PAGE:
“I’m not a Constitutional scholar, I just play one on television.”

That might be a fitting disclaimer for recent article by David Wheeler, an Asbury University journalism professor, calling on the United States to rejoin the United Kingdom, were Scotland to go its own way.    

Wheeler begins: “In the past few years, as America has degenerated into political and economic chaos, it has become increasingly clear that we would be far better off if we apologized for our revolt against the Crown and requested to rejoin the United Kingdom.” 

Yes, my jaw also hit the floor.   

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Yet, Wheeler has his reasons: The Brits live longer, enjoy a better health care system, experience less inequality, and exude better manners and a “higher” culture. I don’t even know where to start. But as it's Constitution Day, let me unswervingly uphold the ideal of political and economic chaos, because it’s enshrined in that noble document.  
 
I am tired of pundits blaming our political and economic ills on politicians’ inability to get along. If lawmakers would only “get together and work things out,” their line of thinking goes, the economy would improve, unemployment would evaporate, and Americans could move on with their more prosperous, more fulfilled lives

Progressives have a point when they argue that refusal to compromise on principle helped to end slavery, gain women the right to vote, and extend civil rights protections to all Americans. How, they ask, can you compromise on moral questions? And the question posed to that infamous gathering in 1789 was decidedly a moral one.  

Our Founders did not pledge to each other their lives, fortunes, and sacred honor simply to read Shakespeare while sipping low-tax East India Company tea.

The Founders did not value compromise for its own sake. Rather, they put their trust in distrust. All those “shall nots” in the Bill of Rights sprang from the Madisonian premise that human nature, and its resulting political institutions, are prone to sin, rather than virtue. Sound political and economic institutions, the Founders believed, should provide an arena for healthy debate, not work toward some trumped up “consensus.”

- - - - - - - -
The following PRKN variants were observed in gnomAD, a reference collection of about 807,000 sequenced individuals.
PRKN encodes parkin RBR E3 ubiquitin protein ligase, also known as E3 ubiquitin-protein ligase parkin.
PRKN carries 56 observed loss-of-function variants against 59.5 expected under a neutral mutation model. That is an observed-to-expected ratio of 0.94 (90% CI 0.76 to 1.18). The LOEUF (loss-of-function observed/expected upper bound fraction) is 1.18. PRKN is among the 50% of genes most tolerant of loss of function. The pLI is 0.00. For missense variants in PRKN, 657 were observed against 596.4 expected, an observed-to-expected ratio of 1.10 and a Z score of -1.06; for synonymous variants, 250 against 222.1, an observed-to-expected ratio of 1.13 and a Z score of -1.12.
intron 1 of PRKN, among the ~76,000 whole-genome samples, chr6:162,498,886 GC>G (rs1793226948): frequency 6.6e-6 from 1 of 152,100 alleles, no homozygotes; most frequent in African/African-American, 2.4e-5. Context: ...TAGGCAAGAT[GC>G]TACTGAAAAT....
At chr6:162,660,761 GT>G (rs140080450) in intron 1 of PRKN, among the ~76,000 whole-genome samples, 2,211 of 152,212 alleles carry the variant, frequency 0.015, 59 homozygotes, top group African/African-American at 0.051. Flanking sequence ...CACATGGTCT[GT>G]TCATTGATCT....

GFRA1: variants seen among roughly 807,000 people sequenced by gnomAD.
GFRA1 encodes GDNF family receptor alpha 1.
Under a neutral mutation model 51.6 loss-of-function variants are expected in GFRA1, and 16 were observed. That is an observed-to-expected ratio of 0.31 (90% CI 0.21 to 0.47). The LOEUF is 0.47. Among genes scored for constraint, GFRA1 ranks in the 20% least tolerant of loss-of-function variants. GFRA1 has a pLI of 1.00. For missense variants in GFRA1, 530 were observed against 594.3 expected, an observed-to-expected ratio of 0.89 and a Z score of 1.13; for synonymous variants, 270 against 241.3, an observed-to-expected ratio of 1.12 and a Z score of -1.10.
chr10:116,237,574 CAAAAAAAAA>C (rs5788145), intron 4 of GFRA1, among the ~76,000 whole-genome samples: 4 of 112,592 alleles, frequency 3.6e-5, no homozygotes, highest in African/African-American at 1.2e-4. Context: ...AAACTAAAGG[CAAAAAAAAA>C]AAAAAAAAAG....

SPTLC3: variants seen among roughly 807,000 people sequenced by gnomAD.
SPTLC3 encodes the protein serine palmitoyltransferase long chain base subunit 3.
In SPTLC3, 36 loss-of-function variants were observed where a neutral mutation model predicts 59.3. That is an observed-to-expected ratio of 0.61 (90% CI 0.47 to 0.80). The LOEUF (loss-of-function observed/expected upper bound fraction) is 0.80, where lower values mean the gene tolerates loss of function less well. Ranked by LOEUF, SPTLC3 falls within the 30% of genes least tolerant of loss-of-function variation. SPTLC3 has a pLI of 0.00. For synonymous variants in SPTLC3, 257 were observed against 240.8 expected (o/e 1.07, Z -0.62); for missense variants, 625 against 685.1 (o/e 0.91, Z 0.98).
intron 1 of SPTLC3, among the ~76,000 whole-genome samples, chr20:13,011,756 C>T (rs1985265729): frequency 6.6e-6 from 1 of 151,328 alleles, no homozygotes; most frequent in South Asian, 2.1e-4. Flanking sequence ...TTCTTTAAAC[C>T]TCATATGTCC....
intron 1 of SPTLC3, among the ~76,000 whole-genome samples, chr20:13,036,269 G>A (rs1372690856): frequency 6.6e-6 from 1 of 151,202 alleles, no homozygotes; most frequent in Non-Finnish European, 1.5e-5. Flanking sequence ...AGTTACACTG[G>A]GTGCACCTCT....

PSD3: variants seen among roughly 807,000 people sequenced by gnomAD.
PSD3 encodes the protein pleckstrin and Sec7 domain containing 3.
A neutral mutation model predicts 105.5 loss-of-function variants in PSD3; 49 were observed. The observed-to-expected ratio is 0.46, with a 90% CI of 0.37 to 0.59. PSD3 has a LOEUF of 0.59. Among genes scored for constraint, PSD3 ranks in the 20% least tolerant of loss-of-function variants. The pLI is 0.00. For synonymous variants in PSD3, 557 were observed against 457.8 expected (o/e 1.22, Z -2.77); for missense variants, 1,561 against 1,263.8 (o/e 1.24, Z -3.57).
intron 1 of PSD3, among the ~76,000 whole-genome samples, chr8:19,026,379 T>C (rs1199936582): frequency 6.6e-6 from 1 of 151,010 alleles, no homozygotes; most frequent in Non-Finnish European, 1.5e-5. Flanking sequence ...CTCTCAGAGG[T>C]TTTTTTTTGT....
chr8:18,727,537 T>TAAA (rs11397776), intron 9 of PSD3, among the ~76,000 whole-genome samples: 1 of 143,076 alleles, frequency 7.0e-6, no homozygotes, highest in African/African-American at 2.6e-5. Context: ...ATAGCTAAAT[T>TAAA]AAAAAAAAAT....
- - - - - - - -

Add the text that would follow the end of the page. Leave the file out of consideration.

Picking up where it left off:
Our history books talk of the Great Compromise that led to our constitutional republic. But that same compromise also led to a Civil War that almost destroyed our nation and cost us nearly another century of slavery.

Now, unanimity—or something close to it—may be important within a political system when it comes to serious matters like waging war. But that doesn’t translate into a need for “consensus” or ‘“compromise” in all aspects of the nation’s life.

As a result, our political culture faces an interesting dichotomy. We tell our children never to compromise their principles, but we revere it when it comes to the political arena. And that reverence is divorced from reality. Consider a few examples.

In 1798, Rep. Matthew Lyon spit in the face of Rep. Roger Griswold after Lyon called Griswold a crook and Griswold called Lyon a coward. 

In 1832, Texas Governor Sam Houston beat Rep. William Stansberry with a cane right on Pennsylvania Avenue in Washington. Stansberry tried to shoot Houston, but his gun misfired. 

In 1850, the Senate adjourned for the day after Sen. Henry Foote pointed a pistol at Sen. Thomas Hart Benton. And in 1857, Preston Brooks of South Carolina beat Charles Sumner of Massachusetts with a cane within inches of his life.

And let’s not forget the simmering hatred between Thomas Jefferson and Alexander Hamilton, or the irrevocably shattered relationship between George Washington and George Mason. Their feuds were not predicated on personal injury or theft, but in passionate beliefs about the role of central government in the lives of its citizenry.  

I’m not saying bring back the duel. I’m saying those who think today’s political climate is particularly poisoned have neglected their history.

Today, we argue with op-eds, policy papers, debates, and media appearances, trying to sway public opinion.  The Founders would be pleased.  

Politics is not about settling arguments; it’s about winning them. But winning should be hard. 

The process of adding laws ought to be cumbersome and difficult and clunky. That’s one machine that does not need to be efficient. 

Yes, this makes it difficult to pass big, comprehensive legislation. But considering the legislation that has passed in recent years—the Affordable Care Act, the stimulus that didn’t stimulate, the Dodd-Frank financial “reform” law that launched a thousand regulations—this ought not be viewed as a bad thing. When it comes to our political system, its propensity to catch sand in the gears is a feature, not a bug.

As for Wheeler’s proposal, I’m going with Ben Franklin’s republic on this one.  And, yes, I believe we can still keep it.  

Lawson Bader is president of the Competitive Enterprise Institute.